Its latest marquee posting plays on tales of the Arabian Nights, reading “1001 Shades of Grace.” But until recently, the sign outside Bishop Cronyn Memorial Church in London, Ont. made an even racier play on the title of a contemporary bestselling erotic novel.
The Anglican church’s previous sign read “50 Shades of Grace,” echoing Fifty Shades of Grey–the title of the first book in U.K. author E.L. James’s sexually explicit trilogy.
The Rev. Raemond Fletcher has defended the reference to the graphic book on several counts: it shows the church is not out of touch with what people are actually reading; it speaks to an unusual intimate relationship, in this case with God; and it acknowledges that God’s grace takes many forms. “The new 1001 sign makes the point that God’s grace is even more nuanced than 50 shades,” says Fletcher.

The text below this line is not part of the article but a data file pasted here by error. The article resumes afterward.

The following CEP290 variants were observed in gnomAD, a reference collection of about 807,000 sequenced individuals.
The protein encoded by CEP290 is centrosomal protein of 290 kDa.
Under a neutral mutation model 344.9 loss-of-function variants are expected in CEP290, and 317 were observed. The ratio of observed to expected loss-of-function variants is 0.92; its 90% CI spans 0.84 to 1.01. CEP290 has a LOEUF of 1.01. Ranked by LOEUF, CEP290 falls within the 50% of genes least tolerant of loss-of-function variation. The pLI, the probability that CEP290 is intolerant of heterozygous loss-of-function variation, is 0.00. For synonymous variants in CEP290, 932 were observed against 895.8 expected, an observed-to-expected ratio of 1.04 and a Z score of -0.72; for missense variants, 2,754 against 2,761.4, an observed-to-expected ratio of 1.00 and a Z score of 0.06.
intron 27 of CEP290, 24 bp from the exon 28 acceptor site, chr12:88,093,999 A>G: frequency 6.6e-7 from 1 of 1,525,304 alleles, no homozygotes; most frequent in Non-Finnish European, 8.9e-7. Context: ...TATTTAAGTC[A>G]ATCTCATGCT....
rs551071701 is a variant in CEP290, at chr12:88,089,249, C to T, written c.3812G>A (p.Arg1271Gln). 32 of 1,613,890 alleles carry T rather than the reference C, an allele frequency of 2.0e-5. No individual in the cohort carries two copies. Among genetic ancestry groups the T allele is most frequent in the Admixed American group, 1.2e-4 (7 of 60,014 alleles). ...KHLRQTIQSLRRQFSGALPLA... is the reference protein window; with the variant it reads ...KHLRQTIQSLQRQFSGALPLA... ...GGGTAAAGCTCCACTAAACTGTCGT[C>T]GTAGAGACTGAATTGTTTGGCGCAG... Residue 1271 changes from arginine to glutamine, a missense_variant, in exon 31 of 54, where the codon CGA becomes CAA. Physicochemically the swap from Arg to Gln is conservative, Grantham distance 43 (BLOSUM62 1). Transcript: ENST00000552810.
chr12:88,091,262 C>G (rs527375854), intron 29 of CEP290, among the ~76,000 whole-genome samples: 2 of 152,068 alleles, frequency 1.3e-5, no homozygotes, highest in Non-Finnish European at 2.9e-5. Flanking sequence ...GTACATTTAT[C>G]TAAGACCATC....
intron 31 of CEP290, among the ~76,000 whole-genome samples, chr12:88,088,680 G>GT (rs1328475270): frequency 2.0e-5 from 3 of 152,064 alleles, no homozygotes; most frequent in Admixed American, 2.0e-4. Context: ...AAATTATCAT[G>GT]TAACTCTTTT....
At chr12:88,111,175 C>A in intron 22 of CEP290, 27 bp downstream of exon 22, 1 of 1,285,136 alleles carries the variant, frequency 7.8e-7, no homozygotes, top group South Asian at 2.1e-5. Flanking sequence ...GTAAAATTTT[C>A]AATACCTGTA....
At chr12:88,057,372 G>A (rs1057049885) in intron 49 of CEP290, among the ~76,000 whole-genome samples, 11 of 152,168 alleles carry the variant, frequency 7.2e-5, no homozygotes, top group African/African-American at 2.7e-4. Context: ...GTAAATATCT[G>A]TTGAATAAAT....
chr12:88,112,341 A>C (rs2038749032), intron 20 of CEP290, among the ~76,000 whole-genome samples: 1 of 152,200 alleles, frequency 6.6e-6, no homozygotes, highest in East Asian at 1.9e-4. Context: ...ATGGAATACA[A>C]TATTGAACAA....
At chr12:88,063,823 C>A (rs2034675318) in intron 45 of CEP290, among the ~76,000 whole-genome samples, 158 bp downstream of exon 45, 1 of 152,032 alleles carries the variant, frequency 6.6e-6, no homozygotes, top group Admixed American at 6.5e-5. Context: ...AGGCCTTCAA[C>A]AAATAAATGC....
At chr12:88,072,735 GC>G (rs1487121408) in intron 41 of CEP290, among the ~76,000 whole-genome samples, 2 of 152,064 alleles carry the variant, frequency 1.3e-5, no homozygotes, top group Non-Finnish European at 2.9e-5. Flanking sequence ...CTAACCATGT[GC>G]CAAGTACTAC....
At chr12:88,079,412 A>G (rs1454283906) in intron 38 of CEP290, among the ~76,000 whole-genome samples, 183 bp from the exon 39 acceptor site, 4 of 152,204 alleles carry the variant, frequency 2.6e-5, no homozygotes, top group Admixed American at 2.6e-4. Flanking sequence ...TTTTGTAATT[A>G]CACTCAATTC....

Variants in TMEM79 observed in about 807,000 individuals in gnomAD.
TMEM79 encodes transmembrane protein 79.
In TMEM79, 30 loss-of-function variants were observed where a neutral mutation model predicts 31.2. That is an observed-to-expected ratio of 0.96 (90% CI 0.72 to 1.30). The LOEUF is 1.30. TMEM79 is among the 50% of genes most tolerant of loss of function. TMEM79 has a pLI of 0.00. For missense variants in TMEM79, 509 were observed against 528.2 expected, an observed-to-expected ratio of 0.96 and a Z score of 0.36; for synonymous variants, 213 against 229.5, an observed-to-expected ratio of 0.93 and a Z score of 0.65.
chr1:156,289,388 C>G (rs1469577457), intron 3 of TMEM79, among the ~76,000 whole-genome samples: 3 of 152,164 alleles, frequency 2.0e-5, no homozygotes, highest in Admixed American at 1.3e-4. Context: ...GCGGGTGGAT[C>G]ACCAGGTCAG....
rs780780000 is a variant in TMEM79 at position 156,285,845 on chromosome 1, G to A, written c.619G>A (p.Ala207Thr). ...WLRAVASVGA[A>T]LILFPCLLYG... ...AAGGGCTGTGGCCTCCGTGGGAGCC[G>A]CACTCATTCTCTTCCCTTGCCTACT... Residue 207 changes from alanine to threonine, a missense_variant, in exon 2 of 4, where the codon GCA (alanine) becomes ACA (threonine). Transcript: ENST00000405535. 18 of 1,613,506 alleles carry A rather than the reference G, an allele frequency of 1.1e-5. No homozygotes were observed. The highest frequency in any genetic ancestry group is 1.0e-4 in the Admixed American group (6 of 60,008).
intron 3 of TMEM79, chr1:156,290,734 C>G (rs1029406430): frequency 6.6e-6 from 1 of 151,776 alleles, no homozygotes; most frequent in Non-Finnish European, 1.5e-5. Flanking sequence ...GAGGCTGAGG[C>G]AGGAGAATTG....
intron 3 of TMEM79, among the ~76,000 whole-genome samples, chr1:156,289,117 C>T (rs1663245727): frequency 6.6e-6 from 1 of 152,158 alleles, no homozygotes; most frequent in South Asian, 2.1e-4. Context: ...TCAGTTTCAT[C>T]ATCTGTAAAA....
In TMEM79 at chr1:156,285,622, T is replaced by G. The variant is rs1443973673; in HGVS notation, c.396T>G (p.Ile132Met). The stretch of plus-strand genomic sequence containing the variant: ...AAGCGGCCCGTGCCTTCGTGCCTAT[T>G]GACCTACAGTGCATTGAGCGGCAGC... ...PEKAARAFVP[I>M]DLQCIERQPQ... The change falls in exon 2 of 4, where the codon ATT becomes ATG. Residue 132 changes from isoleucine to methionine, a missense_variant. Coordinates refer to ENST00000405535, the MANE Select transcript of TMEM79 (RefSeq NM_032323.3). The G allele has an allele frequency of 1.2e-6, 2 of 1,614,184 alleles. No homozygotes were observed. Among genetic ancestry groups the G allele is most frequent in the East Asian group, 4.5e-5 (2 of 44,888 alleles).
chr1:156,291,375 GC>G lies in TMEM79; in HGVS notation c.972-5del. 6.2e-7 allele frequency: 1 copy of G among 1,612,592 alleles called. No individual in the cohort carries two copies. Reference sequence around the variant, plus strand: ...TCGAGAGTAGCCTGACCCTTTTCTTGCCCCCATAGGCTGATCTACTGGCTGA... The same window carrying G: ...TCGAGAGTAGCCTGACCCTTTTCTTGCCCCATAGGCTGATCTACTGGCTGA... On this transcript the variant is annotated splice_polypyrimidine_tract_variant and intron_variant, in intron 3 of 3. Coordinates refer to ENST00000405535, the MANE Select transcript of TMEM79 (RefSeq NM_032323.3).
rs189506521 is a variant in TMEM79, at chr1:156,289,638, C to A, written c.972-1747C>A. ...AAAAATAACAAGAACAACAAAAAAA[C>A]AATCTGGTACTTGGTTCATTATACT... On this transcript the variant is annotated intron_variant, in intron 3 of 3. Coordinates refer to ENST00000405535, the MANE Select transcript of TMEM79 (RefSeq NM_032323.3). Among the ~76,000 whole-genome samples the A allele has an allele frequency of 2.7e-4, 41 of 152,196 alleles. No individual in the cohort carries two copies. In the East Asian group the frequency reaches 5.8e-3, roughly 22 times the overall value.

The “Grace” sign attracted its share of stares from passersby-and protests, too. “One lady, who had neither read the book nor seen the sign, complained that we were condoning the abuse of women,” Fletcher says.
The London church is no stranger to artistic controversy. This past Easter, it raised eyebrows with a series of paintings intended to reflect Christ’s persecution by society and suffering at the Stations of the Cross. One panel, by London artist Erin Ivy, depicted a distraught and pregnant teenage girl with bleeding wrists, who was strapped to an ambulance gurney.
Last Christmas, St. Matthew-in-the City, a progressive Anglican church in Auckland, N.Z., raised a storm with a billboard showing a classic young Virgin Mary reacting in dismay to a modern positive pregnancy test.